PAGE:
Ok, so you want to barter—but how?

My last post sought convince you that now—in the midst of the COVID crisis—is precisely the time to barter. In brief, the point was that many people now have little choice but to barter, that barter is a better way of negotiating with family and friends, and that barter can help us both deal with short-term shortages and become better negotiators in the long-term. In short, bartering can make life negotiable.

But this all begs an obvious question: How? That is, how to barter effectively? So in this post, let me introduce a critical feature of bartering—the double coincidence of wants—along with three critical implications for bartering better.

As noted in my last post, bartering involves trading whatever you have for whatever you want. For a direct trade to happen, however, you have to meet one very specific condition: You have to want exactly what another person has and have exactly what another person wants—a condition known as the double coincidence of wants. As implied by the name, it can be challenging to the point of utterly coincidental to find a person and trade that satisfy that condition.

But a little reflection on the double coincidence reveals at least three ways to make it less coincidental and more attainable—principles that anyone who barters routinely knows well (and anyone who seeks to negotiate effectively should too, as described below):

  1. Understand yourself holistically: The first step in satisfying the double coincidence is understanding your own side of the coincidence holistically—that is, identifying not just what you want from a bartering trade but also what you’re offering. Say you desperately need some flour for bread: That’s great, but no one’s going to give it to you if you can’t clearly articulate what you’re offering in return. And, while you’re at it, you might as well identify some other things you need—just in case they’re short on flour but happen to have some coveted toilet paper, for example.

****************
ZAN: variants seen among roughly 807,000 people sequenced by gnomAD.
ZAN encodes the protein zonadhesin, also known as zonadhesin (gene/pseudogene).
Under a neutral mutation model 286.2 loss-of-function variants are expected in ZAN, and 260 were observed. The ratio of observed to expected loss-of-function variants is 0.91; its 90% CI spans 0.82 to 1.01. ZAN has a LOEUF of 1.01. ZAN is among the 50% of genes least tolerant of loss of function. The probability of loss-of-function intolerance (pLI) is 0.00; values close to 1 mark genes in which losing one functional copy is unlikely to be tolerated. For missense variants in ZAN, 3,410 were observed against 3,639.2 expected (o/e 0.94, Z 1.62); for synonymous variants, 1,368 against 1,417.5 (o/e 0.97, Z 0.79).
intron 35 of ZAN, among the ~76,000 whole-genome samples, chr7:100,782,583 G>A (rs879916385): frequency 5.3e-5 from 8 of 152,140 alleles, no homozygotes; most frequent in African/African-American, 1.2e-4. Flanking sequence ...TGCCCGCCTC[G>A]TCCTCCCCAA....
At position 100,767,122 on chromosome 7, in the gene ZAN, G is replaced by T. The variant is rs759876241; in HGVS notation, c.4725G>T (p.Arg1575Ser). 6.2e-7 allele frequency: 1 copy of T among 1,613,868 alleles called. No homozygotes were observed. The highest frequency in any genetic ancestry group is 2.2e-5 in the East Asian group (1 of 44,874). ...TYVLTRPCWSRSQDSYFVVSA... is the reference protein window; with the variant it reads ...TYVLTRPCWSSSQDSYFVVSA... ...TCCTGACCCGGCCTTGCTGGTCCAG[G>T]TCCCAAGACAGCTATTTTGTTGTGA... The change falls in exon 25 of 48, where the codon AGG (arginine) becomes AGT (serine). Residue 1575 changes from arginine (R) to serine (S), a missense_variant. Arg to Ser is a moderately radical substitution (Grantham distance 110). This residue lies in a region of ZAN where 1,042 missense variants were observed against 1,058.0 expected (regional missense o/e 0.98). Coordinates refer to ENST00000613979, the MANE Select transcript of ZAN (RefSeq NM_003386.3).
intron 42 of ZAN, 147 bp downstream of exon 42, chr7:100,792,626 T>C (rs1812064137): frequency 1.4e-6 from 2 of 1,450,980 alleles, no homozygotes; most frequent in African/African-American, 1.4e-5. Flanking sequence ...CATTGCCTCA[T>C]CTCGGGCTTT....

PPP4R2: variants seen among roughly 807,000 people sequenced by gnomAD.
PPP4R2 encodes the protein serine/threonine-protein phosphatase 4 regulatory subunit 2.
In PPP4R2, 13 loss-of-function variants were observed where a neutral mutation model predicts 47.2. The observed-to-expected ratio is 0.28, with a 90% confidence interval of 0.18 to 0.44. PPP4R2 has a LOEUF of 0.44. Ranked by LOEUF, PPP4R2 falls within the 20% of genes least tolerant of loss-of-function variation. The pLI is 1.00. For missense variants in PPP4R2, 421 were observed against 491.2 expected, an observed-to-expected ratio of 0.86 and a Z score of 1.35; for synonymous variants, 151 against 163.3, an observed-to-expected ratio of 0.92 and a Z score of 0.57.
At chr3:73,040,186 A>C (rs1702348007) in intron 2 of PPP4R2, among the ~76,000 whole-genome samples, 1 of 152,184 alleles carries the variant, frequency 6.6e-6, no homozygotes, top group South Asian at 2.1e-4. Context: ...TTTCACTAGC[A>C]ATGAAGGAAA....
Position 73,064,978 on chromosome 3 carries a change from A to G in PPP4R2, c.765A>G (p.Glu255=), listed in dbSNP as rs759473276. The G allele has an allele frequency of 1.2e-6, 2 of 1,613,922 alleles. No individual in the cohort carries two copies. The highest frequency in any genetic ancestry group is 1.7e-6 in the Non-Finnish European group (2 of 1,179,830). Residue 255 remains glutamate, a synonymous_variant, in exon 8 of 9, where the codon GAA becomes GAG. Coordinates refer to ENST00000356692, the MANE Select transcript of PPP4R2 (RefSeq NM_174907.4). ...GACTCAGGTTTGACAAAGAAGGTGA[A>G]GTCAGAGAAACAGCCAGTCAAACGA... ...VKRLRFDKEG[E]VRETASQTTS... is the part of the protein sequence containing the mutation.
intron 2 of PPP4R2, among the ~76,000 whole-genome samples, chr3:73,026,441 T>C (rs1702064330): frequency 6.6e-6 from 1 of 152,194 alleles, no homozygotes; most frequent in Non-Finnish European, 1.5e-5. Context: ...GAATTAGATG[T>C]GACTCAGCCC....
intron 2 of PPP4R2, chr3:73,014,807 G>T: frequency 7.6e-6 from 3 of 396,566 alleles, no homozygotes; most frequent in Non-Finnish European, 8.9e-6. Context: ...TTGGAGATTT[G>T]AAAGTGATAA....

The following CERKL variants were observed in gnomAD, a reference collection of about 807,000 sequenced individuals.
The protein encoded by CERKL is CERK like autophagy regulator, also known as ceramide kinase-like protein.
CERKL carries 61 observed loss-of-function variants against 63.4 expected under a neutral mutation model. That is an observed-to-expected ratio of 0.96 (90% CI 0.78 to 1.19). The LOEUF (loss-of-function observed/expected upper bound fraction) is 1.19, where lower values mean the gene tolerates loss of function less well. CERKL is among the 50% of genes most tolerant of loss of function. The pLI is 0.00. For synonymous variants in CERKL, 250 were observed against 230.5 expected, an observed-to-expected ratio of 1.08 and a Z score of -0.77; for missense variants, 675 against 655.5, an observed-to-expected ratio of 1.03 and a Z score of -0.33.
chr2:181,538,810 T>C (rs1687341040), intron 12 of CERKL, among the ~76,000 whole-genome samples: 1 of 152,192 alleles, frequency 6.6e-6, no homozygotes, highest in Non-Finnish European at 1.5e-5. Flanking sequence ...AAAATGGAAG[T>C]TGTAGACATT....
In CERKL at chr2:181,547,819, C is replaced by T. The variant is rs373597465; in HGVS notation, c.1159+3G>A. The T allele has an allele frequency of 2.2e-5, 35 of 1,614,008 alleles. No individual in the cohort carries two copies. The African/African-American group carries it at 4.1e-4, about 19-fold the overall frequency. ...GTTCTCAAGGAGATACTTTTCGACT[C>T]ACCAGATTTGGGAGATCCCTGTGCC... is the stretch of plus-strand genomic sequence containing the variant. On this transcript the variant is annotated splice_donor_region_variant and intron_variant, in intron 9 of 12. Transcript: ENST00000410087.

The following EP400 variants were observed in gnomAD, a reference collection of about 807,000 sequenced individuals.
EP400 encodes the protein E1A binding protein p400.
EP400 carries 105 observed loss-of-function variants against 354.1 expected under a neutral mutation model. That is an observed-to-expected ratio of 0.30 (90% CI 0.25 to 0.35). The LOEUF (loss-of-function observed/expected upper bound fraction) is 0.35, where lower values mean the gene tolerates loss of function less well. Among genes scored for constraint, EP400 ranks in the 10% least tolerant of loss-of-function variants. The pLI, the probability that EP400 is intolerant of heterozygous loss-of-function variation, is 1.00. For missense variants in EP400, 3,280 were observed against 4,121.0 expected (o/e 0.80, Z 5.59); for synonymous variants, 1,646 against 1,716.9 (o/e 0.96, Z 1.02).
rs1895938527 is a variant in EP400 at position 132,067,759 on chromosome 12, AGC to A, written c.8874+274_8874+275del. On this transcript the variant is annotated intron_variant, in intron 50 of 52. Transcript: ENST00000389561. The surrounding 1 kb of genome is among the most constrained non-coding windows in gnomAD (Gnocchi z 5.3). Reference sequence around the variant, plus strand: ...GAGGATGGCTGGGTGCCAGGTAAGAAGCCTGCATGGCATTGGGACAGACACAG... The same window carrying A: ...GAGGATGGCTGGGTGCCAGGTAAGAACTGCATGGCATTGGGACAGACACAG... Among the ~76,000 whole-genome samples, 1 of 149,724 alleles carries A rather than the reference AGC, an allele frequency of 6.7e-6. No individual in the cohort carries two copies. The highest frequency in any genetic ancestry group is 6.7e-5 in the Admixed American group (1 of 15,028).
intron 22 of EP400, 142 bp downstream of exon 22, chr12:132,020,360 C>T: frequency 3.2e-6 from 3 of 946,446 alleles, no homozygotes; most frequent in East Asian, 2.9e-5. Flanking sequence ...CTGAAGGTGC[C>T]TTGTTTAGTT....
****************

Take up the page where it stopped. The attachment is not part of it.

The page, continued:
2. Discuss multiple issues: It’s little use identifying your need for flour and TP—or your willingness to offer papier-mâché dolls and mow their lawn—if you’re not willing to raise all these issues in the discussion. And even if you do, it’s little use unless you prompt them to do the same, to talk about whatever it is they need and can offer. Talking about all kinds of things might seem random and scattered; at first, maybe they’ll look at you funny when you mention TP and papier-mâché in the same sentence. But a seemingly random discussion of multiple needs and offerings is often the only way of satisfying the double coincidence.
  3. Seek out multiple partners: Sadly, the first person you approach may not have any flour or TP on-hand; or maybe they do but have no interest in your papier-mâché or lawn-mowing. But by approaching several people, time-consuming as it is, the double coincidence becomes substantially less coincidental. Surely someone with some flour needs some beautiful papier-mâché! Barterers know that theirs is a multiparty endeavor.

These principles, among others, will help you barter better. As described in my book, however, that’s not all! They’ll also help you negotiate better—even when you’re negotiating over money. Indeed, no negotiator can truly excel without understanding themselves holistically, discussing multiple issues, and talking to multiple counterparts. So now’s the time to barter, both for its own sake and for the benefit of your future negotiations. Hopefully these tricks of the “trade” can help you.

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